Disaster Risk Management in Tanzania

3 mins read

Guest blog written by Ignatus Jacob Matofali, Shamim Ahmed Zakaria, Catherine Peter Marimbo, Nyambiri Kimacha.

This is a team of four development practitioners working for the Prime Minister’s Office, OPML, and the World Bank in Tanzania. They successfully completed the 15-week Practice of PDIA online course that ended in May 2019. This is their story.

Development is not something that can be achieved overnight and through ideas that worked in other contexts.

It is important to make room for really understanding problem and context instead of suggesting solutions that are external and may not work in the specific country context. There should be a clear definition of the problem by the agents who are facing the problem and they should be involved in finding solutions to that problem. There is no single solution to complex problems which means that solving it requires  finding the root cause of the problem by deconstruction, though this process multiple solutions to a problem will be generated as a result of the emergence of new ideas.

We initially only had scratched the surface and thought, perhaps the issue with disaster risk management in Dar es Salaam was simply that there are no disaster management committees. We thought that maybe by having these committees established and functional then our problem would be solved. Then as we got further into the course and were forced to construct and deconstruct our problem, we learnt that we were missing the bigger picture and that what we had done was propose a solution to what we thought was the problem. Further development of fishbone diagram, led us to understand that lack of committees at ward and sub-ward level was only really one sub-cause in a much more complex setting. Other issues such as a general lack of awareness of disaster issues by community members etc. came into play and eventually we restructured our problem and established about six sub causes in total. Our problem statement then changed from “Disaster Management Committees (DMCs) at ward level are non-existent or not fully functional in addressing Disaster Risk Management (DRM) in Dar es Salaam” to “Disaster Risk Management efforts in DES aren’t effective in managing disasters”.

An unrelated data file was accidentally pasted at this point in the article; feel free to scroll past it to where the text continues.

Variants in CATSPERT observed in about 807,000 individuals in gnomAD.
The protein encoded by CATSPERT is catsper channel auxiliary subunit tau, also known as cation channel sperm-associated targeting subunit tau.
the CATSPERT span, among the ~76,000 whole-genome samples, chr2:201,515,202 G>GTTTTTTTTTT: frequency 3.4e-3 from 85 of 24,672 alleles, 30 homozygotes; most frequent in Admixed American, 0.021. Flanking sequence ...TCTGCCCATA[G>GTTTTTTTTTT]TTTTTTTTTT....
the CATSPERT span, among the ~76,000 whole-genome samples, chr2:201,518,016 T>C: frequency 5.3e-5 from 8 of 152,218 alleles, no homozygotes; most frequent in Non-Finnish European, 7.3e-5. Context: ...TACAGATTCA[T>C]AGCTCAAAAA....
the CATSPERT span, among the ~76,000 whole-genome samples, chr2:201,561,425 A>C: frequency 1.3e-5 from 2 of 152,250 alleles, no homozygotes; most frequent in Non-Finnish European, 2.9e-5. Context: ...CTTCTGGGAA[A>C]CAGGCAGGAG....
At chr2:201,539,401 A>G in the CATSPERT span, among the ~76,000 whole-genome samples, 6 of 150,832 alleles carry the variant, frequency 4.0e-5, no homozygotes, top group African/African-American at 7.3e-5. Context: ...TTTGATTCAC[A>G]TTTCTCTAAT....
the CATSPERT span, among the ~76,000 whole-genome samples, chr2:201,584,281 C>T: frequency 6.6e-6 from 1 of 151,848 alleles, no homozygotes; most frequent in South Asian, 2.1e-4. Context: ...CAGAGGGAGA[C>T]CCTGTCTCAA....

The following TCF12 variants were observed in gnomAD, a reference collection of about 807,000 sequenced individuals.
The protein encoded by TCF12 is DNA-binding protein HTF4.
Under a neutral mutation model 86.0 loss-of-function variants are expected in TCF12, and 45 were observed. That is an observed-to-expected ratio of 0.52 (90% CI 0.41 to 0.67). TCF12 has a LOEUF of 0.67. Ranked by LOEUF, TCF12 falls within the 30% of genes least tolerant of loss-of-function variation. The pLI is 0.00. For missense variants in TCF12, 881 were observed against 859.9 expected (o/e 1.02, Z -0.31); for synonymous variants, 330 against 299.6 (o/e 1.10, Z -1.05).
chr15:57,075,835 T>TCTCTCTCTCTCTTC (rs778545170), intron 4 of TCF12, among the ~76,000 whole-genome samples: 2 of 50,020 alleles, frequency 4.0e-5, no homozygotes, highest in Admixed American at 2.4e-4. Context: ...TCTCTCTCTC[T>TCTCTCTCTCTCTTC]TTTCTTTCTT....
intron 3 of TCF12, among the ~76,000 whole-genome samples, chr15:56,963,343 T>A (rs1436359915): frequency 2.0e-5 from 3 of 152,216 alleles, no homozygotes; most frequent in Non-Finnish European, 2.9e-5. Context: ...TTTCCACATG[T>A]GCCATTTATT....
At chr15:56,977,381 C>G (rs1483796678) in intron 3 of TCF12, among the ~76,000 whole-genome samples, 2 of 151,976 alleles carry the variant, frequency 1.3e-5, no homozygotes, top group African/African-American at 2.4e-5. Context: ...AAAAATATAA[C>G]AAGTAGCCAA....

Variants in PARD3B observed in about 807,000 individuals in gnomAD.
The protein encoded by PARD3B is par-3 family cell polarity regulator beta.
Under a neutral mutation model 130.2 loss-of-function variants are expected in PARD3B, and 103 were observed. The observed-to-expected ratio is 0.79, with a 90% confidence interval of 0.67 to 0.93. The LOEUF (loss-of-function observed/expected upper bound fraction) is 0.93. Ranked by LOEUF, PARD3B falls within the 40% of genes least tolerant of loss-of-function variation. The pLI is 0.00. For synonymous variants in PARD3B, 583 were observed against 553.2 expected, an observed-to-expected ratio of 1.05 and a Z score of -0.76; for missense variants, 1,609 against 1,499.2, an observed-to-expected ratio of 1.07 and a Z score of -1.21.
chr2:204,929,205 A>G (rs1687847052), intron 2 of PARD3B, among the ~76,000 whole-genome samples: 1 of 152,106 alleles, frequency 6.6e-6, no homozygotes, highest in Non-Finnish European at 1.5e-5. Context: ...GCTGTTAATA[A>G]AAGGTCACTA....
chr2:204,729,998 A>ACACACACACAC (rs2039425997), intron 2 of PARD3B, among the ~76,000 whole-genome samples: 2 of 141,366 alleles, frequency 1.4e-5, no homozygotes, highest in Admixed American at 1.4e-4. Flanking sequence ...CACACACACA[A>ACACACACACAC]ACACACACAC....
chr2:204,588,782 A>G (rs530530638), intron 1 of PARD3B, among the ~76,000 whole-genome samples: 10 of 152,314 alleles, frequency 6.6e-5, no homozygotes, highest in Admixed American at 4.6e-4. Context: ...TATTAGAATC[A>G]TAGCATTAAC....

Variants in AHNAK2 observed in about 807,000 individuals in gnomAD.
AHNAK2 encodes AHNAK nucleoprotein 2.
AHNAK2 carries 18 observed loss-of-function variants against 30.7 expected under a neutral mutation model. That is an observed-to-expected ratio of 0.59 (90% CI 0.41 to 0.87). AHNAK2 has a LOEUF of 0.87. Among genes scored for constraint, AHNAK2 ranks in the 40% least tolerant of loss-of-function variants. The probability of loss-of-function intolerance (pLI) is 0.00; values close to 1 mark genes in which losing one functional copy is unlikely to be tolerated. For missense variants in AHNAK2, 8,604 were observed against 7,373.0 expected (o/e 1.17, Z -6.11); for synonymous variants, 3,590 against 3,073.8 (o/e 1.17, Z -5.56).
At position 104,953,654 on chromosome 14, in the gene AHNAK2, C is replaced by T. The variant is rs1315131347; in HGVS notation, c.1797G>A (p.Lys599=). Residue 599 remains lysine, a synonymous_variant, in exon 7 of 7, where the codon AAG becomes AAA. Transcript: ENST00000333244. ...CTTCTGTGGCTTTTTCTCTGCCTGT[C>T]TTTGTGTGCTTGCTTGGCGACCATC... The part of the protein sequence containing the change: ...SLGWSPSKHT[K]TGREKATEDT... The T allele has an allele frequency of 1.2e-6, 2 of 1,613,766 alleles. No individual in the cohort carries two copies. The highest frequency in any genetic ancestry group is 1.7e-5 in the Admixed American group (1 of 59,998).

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After starting to work on the 2 out of 6 identified sub causes with a small step and iteration we managed to get more insight on other constraints that deteriorate the formation of DRM committees at wards and sub ward levels. Through Dar es Salaam DM Coordinators we found that WEOs and Community Development Officers (who are the disaster management coordinators at lower levels), are not motivated to ask citizens and other stakeholders in the sub-wards and wards to form yet another committee. 

The course has broadened our understanding of the problem, initially some of us thought this problem will be solved by only one solution but after applying PDIA we came to realise behind this one big problem there are multiple causes which actually need more attention before even thinking of tackling the problem. PDIA enabled us to better understand the roots of the problem and the network we had to create change.

While, quick wins and checklist to please donors and development partners are the easy way out and the path that guarantees more funding, it is not always the best path for sustainable development. Before jumping into solutions, you need to assess and create the space for the agent to act, you need to determine whether the three A’s, which are the authority, acceptance and ability, are available. You need to analyze the change space and strategize ways of increasing it. 

Understanding who has authority and the authorizing environment, enables one to mitigate potential setbacks in projects and continuously growing the network of agents that are part of a specific search for a solution is key. Understanding the dynamics of authority and anticipating changes in the authority is also key.

We will use this knowledge in our day to day work and specifically in local development projects. It has and will help us better identify when funders transplant ideas and to see in advance how we as consultants can better find ways of making sure external ideas/solutions are better suited or can be tailored to suit the context we are working in. In development consulting, there are a good number of projects, where donors provide the financial support but the methodology or approach does not cater to the context and ultimately upon conducting M&E realising that what they hoped for was not achieved. Sometimes the problem is that the construction and deconstruction of the problem was not done. I think PDIA has made us more conscious of what we try to achieve as development work and it helps in understanding failures when they occur.

Our World Bank group member is considering using PDIA for identification of issues related to disaster risk management at Municipality level provided she is able to secure the funds for it.  In her role, she engages with communities on a lot of World Bank funded projects at Municipal level and PDIA could provide a way forward in identifying the root cause of many development problems in Tanzania.

To learn more, visit our website or download the PDIAtoolkit (available in English and Spanish).

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